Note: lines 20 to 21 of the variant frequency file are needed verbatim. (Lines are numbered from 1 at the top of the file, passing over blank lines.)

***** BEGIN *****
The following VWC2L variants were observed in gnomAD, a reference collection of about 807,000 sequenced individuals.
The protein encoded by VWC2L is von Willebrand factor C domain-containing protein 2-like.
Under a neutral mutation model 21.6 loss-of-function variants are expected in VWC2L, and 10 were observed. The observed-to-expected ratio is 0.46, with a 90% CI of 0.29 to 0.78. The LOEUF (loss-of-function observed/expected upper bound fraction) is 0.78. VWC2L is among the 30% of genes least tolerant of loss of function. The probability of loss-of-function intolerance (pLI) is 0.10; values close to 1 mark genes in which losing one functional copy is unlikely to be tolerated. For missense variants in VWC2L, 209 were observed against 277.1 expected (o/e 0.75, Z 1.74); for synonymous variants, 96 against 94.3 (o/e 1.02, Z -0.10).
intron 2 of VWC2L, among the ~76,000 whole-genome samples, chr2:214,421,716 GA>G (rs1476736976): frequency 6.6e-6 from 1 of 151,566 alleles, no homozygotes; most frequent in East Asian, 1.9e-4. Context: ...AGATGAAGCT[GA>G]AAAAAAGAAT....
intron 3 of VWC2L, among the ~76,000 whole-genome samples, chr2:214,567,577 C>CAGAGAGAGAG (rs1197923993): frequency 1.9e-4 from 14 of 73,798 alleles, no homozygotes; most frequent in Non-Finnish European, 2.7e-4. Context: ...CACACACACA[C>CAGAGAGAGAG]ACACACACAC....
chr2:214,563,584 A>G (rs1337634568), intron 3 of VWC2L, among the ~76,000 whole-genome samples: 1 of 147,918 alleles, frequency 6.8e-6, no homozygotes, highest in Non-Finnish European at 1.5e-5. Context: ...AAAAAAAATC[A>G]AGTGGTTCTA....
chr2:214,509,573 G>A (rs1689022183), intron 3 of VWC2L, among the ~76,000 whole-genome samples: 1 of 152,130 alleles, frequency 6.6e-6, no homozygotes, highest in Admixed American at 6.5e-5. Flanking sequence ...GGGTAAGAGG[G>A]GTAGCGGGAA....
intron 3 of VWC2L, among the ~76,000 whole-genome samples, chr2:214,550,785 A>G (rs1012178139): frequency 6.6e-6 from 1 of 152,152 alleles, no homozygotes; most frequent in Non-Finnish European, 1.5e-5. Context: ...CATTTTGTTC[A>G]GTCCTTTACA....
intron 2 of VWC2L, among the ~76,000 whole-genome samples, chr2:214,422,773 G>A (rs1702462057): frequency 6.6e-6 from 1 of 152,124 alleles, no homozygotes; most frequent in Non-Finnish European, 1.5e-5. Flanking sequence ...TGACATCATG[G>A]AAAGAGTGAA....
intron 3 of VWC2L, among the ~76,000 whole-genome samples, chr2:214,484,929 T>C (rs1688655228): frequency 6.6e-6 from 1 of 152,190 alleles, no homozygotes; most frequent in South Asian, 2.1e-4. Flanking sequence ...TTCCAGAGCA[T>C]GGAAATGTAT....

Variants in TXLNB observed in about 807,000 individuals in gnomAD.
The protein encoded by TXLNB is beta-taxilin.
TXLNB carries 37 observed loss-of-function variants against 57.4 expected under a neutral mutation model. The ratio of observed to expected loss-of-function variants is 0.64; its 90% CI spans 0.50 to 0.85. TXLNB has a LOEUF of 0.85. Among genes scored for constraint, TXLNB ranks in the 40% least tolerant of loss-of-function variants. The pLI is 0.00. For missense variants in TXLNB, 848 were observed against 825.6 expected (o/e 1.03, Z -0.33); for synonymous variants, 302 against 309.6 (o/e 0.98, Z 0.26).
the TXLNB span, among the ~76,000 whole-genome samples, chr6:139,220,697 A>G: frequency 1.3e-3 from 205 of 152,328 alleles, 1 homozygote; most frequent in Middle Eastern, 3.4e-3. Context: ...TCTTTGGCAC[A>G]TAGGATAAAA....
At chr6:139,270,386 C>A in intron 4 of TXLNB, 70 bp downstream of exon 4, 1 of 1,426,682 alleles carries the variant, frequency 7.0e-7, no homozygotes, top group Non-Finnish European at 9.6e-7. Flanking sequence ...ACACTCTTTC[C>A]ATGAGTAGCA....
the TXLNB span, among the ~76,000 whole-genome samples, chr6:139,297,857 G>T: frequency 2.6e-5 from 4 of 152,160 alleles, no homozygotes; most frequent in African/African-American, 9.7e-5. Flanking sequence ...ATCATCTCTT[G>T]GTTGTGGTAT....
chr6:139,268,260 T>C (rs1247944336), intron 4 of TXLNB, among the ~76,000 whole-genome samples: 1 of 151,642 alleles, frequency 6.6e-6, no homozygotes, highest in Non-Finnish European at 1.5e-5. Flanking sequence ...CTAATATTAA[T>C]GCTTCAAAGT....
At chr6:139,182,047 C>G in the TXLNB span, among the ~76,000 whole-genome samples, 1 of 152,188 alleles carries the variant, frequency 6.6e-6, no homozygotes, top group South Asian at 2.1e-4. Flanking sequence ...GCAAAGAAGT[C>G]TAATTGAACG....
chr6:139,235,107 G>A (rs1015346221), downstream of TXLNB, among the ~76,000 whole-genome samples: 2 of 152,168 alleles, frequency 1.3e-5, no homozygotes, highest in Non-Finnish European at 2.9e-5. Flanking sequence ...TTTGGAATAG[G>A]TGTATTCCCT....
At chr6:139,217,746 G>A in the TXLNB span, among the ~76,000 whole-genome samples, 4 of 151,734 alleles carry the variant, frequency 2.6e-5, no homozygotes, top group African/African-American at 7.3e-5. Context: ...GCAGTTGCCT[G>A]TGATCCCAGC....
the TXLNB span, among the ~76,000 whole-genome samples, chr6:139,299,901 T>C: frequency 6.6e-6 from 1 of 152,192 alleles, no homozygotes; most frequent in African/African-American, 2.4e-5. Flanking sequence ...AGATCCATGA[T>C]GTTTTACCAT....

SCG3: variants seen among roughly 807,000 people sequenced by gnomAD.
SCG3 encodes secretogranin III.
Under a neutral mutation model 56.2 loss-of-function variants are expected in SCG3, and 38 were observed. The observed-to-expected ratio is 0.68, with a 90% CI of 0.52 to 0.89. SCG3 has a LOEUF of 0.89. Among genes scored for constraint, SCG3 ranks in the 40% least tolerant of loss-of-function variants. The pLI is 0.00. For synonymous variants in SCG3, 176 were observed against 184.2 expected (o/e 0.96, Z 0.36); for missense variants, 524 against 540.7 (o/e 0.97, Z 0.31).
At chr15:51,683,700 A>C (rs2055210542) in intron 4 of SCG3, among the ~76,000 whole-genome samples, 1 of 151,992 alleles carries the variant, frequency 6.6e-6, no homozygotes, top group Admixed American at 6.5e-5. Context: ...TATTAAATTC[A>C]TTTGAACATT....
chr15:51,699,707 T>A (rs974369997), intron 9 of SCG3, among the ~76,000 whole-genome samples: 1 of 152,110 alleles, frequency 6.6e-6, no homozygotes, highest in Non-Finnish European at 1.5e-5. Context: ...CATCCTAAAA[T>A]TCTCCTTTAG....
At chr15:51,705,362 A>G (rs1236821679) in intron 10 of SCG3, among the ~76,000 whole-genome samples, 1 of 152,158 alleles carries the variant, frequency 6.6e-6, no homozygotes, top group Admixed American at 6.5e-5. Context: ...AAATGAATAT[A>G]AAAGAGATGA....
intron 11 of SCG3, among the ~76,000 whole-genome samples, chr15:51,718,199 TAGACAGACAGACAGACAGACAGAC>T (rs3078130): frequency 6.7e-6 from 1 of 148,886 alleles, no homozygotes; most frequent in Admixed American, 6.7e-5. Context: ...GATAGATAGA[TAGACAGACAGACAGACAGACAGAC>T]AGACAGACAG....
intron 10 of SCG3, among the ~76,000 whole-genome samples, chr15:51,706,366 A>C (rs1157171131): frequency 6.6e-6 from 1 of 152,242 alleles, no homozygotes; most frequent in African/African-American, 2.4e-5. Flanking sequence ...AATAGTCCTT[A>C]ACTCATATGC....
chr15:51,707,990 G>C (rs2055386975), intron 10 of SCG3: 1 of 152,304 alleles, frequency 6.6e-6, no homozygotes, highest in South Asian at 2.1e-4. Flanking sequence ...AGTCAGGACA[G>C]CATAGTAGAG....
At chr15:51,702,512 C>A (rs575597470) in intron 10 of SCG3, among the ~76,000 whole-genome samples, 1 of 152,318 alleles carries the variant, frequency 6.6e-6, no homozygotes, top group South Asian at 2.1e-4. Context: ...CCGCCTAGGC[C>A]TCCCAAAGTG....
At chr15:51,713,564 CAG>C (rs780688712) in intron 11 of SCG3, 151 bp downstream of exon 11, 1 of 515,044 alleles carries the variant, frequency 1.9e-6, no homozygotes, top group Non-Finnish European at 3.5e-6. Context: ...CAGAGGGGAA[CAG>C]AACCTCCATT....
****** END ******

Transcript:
At chr6:139,217,746 G>A in the TXLNB span, among the ~76,000 whole-genome samples, 4 of 151,734 alleles carry the variant, frequency 2.6e-5, no homozygotes, top group African/African-American at 7.3e-5. Context: ...GCAGTTGCCT[G>A]TGATCCCAGC....
the TXLNB span, among the ~76,000 whole-genome samples, chr6:139,299,901 T>C: frequency 6.6e-6 from 1 of 152,192 alleles, no homozygotes; most frequent in African/African-American, 2.4e-5. Flanking sequence ...AGATCCATGA[T>C]GTTTTACCAT....